A full seven years and five mixtapes into this progression, IDK, born Jason Mills, stands firmly on the shoulders of such inspirations. Nowhere is this more apparent than on his latest full-length project Is He Real?, released through Warner Records as his major label debut. The follow-up to 2017’s incisive and airtight IWasVeryBad is a loose concept album that probes the existence of a higher power, with the “He” in the album title being God. The eclectic 14-track contemplation of faith, in all of its complexities and flaws, spends nearly 40 minutes trying to dismantle the opening query of “Cloud Blu”: how can God be real when humanity’s day-to-day existence is marred with acts informed by the seven deadly sins?

IDK sets the scene through the eyes of a boy named Max, whose childlike wonder at the thought of standing in line at the Pearly Gates quickly deteriorates into a fevered denial of God. The juxtaposition carries over to second track “42 Hundred Choices,” where IDK spends the song’s lone verse reminiscing about his younger years as a parishioner. Those Sundays in the pews, ten rows deep from the church pulpit, have yielded stockpiled daydreams of making off with “the lady in front of me’s purse” for an unordained tithe. Vocal inflections aside, IDK’s punchline-heavy bars are styled with the same (occasionally raunchy) pop culture references and button-pushing theatrics that define much of Kanye’s discography. The “dear teacher, suck my penis” beat halt of “Alone” is the kind of salacious aside that Kanye would throw into the mix of a song about “huggin’ Satan” and “gossip hating,” while the reverbed “bang-bang-bang” ad libs sound eerily familiar. Even the monstrous piano keys and flamboyant internal conversation of “24” beg Ye-sized braggadocio.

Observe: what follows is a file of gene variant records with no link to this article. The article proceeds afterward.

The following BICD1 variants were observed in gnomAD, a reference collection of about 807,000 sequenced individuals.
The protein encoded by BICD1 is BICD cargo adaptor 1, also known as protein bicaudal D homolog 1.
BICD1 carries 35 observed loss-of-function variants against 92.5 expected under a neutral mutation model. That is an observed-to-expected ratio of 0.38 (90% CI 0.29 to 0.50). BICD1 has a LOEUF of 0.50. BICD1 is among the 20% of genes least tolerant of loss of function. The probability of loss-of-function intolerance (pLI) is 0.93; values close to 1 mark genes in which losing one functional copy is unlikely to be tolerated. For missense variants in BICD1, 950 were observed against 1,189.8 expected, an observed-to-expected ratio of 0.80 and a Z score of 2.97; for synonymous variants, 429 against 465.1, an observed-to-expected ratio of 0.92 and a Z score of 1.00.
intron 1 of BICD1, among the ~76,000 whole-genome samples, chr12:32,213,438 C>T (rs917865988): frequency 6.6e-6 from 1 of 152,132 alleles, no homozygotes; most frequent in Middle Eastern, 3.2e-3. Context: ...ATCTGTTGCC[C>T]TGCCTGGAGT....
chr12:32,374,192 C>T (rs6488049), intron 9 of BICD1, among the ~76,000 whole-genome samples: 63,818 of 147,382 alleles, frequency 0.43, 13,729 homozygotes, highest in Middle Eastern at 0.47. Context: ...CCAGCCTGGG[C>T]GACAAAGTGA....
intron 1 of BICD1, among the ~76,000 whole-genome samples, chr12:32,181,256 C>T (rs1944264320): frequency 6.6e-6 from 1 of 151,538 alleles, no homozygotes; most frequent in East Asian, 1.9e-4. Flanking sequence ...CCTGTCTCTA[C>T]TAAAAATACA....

“Porno,” which features crooning as sweet as the “strawberry lemonade lips” of the hook, deals more intimately with the hypersexualized nature of society, an addiction that sucks us in at an early age against our better judgement (see IDK’s explicit hypothesis: “the bible say beatin’ my dick and killin’ is equal/But that don’t add up”). Over the clash of speaker-shuffling bass and snares, the repetition of “bad hoes is the devil like 666” bursts through the static like something that would have been plastered across Life Of Pablo tour merch. “I Do Me ... You Do You” interpolates Amerie’s “Why Don’t We Fall In Love” while pressing Tyler, The Creator to elaborate on his beliefs regarding divinity, at which point IDK suddenly spirals into a blathering, Kanye-esque rant comparing “Noah’s Ark” and “robot b*tches we can f**k.”